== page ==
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Barilla Operating Environment Case Study

Essay by Lola123456789  •  March 27, 2018  •  Case Study  •  1,257 Words (6 Pages)  •  379 Views

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Module 1

Written Case Study 1 : Barilla SpA (A)

Tracy Finch

Member ID # 10067861

February 13th, 2018

Instructor: Romeo Callegaro

Table of Contents

Executive Summary3

Issue Identification4

Operating Environment7

Root Cause Analysis4

Alternatives And/Or Options1

Recommendations4

Implementation1

Monitor and Control4

Appendix A4

EXECUTIVE SUMMARY

ISSUE IDENTIFICATION

The main issue facing Barilla is operational inefficiencies due to demand fluctuation, magnified at the source,  also known as the Bullwhip Effect.  Because of the large fluctuations in demand , Barilla is unable to meet the actual demands of the end customer effectively which ultimately result in increased costs across the board in inventory, distribution and manufacturing.  

There are several contributing factors to this demand fluctuation that must be addressed:

  1. Lack of forecasting from distributors is the largest and most important of the external factors and one that is both short and long term in nature.  Unsophisticated methods of inventory control and little or no data on which to forecast, make it nearly impossible to gauge or anticipate actual demand. This lack of POS data results in large variations in weekly orders as seen in Exhibit A.

  1. Internally, there is a lack of centralized data for order processing that leads to distributors maintaining a higher than necessary inventory.  Distributors have full control over their orders which is a long term issue negatively impacting  Barillas ability to effectively manage their inventory, production and distribution.
  1. Orders placed by distributors weekly typically take an average of 10 days to be shipped.  This long lead time causes the distributors to order additional product adding to the higher inventory contributing to the fluctuating demand isses.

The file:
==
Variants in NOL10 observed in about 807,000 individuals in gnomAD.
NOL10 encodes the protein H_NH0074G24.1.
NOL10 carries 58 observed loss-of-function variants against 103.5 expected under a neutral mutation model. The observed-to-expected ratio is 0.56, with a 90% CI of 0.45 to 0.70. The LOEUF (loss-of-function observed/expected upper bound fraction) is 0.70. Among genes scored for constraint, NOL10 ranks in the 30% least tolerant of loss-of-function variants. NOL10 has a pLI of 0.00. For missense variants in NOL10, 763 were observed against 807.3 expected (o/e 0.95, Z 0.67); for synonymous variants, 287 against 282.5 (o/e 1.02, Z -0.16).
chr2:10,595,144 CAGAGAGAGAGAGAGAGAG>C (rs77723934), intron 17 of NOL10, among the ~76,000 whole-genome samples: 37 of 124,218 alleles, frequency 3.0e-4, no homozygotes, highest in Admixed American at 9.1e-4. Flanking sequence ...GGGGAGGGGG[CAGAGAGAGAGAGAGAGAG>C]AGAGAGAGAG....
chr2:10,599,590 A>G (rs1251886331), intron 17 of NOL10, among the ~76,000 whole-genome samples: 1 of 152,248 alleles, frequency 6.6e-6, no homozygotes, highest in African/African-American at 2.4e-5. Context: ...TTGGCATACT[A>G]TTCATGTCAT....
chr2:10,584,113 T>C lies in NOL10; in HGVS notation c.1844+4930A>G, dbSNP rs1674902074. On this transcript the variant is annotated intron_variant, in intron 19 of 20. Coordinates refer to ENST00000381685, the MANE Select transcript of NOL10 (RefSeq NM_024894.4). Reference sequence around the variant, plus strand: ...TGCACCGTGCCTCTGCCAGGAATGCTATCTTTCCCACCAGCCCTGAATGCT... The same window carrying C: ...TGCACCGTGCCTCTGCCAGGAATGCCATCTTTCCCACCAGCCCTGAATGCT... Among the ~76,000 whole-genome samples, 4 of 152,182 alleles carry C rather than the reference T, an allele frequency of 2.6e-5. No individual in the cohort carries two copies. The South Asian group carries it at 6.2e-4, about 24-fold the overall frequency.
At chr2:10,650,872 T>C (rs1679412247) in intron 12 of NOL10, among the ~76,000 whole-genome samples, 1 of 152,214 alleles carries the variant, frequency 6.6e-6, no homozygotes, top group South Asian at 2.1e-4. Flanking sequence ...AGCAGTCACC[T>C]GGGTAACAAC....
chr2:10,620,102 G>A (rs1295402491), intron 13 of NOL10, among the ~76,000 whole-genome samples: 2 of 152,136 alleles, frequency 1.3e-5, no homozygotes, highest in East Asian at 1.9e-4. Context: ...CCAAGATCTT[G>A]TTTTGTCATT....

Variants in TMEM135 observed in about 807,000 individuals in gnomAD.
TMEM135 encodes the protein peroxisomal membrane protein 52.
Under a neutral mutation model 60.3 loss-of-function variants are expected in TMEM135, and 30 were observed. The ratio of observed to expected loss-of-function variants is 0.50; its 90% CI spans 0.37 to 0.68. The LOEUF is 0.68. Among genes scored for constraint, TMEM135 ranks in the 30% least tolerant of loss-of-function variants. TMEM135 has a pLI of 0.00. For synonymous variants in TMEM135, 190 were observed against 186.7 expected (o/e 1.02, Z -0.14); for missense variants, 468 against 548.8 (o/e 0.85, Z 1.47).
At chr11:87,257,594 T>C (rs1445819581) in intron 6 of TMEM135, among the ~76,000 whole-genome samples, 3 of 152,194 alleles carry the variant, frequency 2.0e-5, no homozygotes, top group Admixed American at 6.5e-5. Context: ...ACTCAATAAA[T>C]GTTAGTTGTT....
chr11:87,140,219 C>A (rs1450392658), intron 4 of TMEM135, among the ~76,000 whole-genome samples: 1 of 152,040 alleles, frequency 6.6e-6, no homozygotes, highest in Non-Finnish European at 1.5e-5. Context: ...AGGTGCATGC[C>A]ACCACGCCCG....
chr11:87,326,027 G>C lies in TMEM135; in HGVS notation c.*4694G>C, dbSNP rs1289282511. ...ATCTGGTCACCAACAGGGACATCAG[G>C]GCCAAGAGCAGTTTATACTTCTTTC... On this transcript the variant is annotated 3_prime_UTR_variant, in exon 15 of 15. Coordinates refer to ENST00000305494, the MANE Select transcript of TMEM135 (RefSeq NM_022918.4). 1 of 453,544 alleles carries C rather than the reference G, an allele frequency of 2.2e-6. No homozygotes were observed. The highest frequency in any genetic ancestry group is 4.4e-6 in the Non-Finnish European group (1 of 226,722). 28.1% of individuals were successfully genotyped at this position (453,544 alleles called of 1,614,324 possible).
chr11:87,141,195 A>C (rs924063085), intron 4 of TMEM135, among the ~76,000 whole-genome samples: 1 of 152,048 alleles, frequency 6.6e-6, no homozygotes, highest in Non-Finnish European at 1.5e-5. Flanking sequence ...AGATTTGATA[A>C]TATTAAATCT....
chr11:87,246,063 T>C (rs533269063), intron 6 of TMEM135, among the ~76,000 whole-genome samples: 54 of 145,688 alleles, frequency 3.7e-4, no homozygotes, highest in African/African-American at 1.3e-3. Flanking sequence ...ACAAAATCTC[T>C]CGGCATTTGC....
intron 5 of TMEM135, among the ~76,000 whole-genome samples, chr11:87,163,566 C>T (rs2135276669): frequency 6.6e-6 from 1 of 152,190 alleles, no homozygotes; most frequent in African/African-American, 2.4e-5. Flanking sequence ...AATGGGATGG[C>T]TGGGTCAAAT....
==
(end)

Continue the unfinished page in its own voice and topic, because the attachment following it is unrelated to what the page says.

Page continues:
1. Barilla’s heavy use of promotional activities such as price, transportation and volume discounts also contributed to the fluctuating demand of product.  By offering discounts for full truck loads and price discounts, demand for the product was inflated. Without any real time data or forecasting tools, distributors were simply taking advantage of discounts without factoring in any supported data for future needs.
  1. Without a maximum/minimum order limit, distributors took full advantage of these discount. This created additional inventory build up and subsequently measures to reduce the inflated inventory.  
  1. Because the internal sales compensation system rewarded sales throughout these promotion periods on specific SKUs, the sales force contributed to the issue by pushing certain products during promotional periods to increase their bonuses.  They also fold volume discounts which would significantly add to the fluctuation or demand and inflated inventory.
  1. Finally, the sheer number of SKUs leads an inability to forecast accurately.  With over 800 “dry goods” SKUs, Barilla would need a complex system to be able to accurately predict demand.

OPERATING ENVIRONMENT

Based in Italy, Barilla is a very large, vertically integrated corporation.  It is the largest pasta manufacturer in the world with at 35% market share in Italy and a 22% market share in Europe.  Growth was expected to continue as the overall economic outlook was promising and pasta consumption was on the rise globally.The company was organized into seven divisions, three of them being pasta.  Over the past number of years, they have experienced amplified levels of inefficiencies and rising costs due to the unstable and fluctuating demand from it’s distributors despite the fact that pasta consumption was relatively stable throughout the year.

Barilla owns and operates its own network of plants throughout Italy.  In addition to the pasta plants, they also had plants for their fresh and specialty products.  It followed a very strict and controlled production sequence to ensure a high quality of product.

They operate through their own central distribution centres (CDCs) as well as a chain of distributors including Grand Distributors (GDs) which are owned by large supermarket chains, and Organized Distributors (DOs) which are third-party independent suppliers. Nearly 2/3rds of their dry products are destined for Supermarkets which are shipped to them via the distributors.

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